The United States Court of Appeals for the Sixth Circuit this week upheld an Ohio law that bans doctors from performing abortions when they know the reason a woman is seeking an abortion is that her baby has Down syndrome. It is a major win for pro-life advocates but could face an appeal to the Supreme Court.
The new law, H.B. 214, provides in pertinent part:
No person shall purposely perform or induce or attempt to perform or induce an abortion on a pregnant woman if the person has knowledge that the pregnant woman is seeking the abortion, in whole or in part, because of any of the following:
(1) A test result indicating Down syndrome in an unborn child;
(2) A prenatal diagnosis of Down syndrome in an unborn child;
(3) Any other reason to believe that an unborn child has Down syndrome.O.R.C. § 2919.10(B).
Those violating the law are subject to a charge of a fourth-degree felony with the possibility of up to 18 months in prison.
What is odd about the law is that it turns on actual knowledge (“the person has knowledge that the pregnant woman is seeking the abortion” due to an unborn child with Down Syndrome). Doctors who avoid such knowledge could not be charged. It also means that one woman has a constitutionally protected right to abortion if she does not state her motivation while another can be barred from an abortion if she is honest about her motivation.
Judge Alice Batchelder wrote for the 9-7 majority in writing that the law does not violate a woman’s right to abortion because “There is no absolute or per se right to an abortion based on the stage of the pregnancy.” The majority notes:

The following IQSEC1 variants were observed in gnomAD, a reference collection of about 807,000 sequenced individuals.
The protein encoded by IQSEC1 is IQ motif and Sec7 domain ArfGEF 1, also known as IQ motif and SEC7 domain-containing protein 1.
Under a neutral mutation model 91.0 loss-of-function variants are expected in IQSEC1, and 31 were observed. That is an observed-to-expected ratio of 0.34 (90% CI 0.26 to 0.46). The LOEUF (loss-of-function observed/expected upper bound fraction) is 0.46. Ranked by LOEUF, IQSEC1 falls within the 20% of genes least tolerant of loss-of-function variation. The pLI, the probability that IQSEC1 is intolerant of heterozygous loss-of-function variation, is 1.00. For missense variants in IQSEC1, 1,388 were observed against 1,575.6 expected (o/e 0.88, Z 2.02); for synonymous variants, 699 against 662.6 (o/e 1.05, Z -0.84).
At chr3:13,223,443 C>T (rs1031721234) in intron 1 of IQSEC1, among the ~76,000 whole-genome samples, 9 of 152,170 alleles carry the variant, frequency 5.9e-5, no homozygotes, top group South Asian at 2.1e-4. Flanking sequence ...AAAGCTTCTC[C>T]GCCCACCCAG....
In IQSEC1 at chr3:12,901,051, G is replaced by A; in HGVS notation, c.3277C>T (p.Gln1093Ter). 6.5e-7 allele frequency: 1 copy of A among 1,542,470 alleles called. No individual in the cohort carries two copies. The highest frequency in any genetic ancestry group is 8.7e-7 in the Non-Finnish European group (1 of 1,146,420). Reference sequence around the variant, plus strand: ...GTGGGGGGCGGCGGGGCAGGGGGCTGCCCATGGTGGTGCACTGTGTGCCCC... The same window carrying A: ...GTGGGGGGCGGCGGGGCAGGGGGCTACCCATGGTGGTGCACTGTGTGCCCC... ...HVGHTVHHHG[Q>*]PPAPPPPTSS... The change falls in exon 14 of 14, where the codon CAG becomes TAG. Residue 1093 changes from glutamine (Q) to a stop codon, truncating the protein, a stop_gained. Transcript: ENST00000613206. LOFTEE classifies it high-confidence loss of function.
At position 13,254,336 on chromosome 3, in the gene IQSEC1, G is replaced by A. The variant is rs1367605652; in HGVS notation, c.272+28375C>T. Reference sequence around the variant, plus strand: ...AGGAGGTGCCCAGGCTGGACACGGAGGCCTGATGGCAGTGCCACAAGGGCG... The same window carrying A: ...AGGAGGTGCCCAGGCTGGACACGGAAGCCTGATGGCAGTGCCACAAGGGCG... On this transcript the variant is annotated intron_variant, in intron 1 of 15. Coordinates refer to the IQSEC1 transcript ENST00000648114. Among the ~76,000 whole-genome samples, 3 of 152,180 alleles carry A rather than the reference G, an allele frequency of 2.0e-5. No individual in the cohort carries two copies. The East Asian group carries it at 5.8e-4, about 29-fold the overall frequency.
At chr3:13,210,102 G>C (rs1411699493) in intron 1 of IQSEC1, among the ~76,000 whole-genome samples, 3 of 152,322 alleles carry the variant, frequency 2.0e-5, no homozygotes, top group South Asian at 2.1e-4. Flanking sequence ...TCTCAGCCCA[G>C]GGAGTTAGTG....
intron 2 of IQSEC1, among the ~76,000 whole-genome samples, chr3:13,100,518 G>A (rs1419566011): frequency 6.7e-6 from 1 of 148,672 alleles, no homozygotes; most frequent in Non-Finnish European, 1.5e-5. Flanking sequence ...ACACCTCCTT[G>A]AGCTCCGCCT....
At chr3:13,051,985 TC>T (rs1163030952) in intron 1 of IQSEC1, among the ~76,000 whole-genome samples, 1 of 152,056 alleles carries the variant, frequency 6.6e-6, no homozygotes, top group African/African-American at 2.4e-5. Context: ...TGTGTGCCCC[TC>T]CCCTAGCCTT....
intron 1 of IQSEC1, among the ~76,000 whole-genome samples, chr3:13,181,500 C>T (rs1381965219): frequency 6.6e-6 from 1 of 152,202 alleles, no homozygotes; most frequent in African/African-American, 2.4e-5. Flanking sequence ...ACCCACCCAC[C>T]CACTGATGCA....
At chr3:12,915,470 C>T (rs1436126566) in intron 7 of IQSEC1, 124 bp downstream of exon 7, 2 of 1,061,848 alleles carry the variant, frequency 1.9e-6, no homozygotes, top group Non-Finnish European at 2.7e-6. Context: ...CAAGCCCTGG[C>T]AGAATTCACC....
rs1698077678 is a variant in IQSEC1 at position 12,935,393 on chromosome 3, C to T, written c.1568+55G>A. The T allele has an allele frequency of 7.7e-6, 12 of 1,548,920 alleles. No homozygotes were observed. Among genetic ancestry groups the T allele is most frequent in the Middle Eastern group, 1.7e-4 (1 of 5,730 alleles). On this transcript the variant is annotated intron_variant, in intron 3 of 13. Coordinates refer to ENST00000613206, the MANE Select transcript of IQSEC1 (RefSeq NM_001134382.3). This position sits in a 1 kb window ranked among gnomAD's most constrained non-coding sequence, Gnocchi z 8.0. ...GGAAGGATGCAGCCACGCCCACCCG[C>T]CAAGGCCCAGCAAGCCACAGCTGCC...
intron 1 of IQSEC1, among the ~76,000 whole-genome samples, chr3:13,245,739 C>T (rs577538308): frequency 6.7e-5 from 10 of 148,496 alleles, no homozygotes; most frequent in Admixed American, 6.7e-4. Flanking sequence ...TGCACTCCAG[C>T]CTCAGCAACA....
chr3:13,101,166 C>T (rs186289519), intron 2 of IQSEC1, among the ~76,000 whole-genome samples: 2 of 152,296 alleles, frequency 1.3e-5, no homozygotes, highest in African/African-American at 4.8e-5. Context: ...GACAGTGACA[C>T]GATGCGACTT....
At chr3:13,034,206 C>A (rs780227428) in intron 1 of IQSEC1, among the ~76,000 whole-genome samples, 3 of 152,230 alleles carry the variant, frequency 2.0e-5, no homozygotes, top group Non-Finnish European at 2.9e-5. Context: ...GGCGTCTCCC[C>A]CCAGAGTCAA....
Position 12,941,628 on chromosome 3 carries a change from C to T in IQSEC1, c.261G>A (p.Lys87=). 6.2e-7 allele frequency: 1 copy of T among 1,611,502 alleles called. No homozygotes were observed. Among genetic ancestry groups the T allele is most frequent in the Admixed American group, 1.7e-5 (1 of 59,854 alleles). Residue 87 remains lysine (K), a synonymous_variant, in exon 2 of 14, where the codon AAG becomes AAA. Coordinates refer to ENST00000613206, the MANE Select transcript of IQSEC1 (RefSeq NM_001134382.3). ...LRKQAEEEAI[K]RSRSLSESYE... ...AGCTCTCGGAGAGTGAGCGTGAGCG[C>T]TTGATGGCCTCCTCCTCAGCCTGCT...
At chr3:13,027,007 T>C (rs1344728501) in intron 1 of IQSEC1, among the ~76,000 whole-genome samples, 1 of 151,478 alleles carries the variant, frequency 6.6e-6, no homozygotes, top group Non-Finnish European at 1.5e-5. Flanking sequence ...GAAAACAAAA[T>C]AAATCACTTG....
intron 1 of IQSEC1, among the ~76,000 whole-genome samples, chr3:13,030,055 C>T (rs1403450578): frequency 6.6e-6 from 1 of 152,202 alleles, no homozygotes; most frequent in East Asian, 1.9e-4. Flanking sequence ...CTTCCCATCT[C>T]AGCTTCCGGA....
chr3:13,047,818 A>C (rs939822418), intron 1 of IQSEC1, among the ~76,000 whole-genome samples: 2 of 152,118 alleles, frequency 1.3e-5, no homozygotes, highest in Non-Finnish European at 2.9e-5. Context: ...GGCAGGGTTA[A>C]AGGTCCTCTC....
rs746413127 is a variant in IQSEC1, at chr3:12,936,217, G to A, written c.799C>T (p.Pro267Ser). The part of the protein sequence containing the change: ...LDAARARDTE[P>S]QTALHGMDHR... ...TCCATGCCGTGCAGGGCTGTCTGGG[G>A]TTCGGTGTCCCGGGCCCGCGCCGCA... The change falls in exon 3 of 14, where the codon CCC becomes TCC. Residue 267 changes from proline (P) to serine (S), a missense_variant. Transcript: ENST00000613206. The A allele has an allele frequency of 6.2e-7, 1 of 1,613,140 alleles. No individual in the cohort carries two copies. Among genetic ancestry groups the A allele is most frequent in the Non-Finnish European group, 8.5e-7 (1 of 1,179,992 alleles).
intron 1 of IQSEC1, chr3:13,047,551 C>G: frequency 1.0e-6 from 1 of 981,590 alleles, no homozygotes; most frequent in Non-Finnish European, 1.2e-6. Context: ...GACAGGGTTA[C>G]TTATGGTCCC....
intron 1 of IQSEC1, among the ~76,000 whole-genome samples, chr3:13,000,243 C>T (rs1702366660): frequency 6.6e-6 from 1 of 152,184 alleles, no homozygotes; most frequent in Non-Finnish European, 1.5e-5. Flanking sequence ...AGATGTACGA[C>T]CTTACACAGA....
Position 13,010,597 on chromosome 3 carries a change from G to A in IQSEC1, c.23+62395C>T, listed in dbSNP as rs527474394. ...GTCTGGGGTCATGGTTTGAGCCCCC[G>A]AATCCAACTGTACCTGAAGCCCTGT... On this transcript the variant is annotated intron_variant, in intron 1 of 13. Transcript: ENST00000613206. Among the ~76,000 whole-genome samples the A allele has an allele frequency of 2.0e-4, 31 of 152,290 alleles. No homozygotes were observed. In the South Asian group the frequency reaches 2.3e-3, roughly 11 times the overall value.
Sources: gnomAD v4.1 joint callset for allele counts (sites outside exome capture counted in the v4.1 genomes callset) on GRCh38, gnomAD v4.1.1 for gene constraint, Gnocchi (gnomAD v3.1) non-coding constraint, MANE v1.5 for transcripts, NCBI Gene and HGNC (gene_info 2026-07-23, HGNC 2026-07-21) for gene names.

“In this case, Ohio does not rely on its interest in protecting potential fetal life as support for H.B. 214, at least not expressly. Instead, Ohio relies on its interests in: (1) protecting the Down syndrome community from the stigma it suffers from the practice of Down-syndrome-selective abortions; (2) protecting women whose fetuses have Down syndrome from coercion by doctors who espouse and advocate the abortion of all such fetuses; and (3) protecting the integrity and ethics of the medical profession by preventing doctors from enabling such targeted abortions. Neither the intent, effect, validity, nor importance of any of these interests turns on the viability of the fetus. The majority declared that “As limitations or prohibitions go, this is specific and narrow,” she continued, and therefore it does not present a “substantial obstacle” to a woman’s ability to get an abortion.”
The majority concludes that “[a]s limitations or prohibitions go, this is specific and narrow,” and is not a “substantial obstacle” to a woman’s ability to get an abortion.
In his concurrence, Judge Richard Allen Griffin was even more blunt and referred to the practice as akin to eugenics: “Many think that eugenics ended with the horrors of the Holocaust. Unfortunately, it did not. Eugenics was the root of the Holocaust and is a motivation for many of the selective abortions that occur today.”
In dissent, Judge Bernice Donald declared that “Before viability, the State’s interests are not strong enough to support a prohibition on abortion or the imposition of a substantial obstacle to the woman’s effective right to elect the procedure.”
This case could present a challenge for some members of the Supreme Court like Chief Justice John Roberts. If it is upheld, it could allow for similar limitations based on the motivation of a woman in seeking an abortion in other cases of disabilities. The assumption has been that the right to an abortion was likely to be curtailed gradually by the Court rather than raise an outright overturning of the Roe cases. This would be a major win in that strategy in creating a myriad of exceptions that could ultimately swallow the rule in Roe.
Here is the case.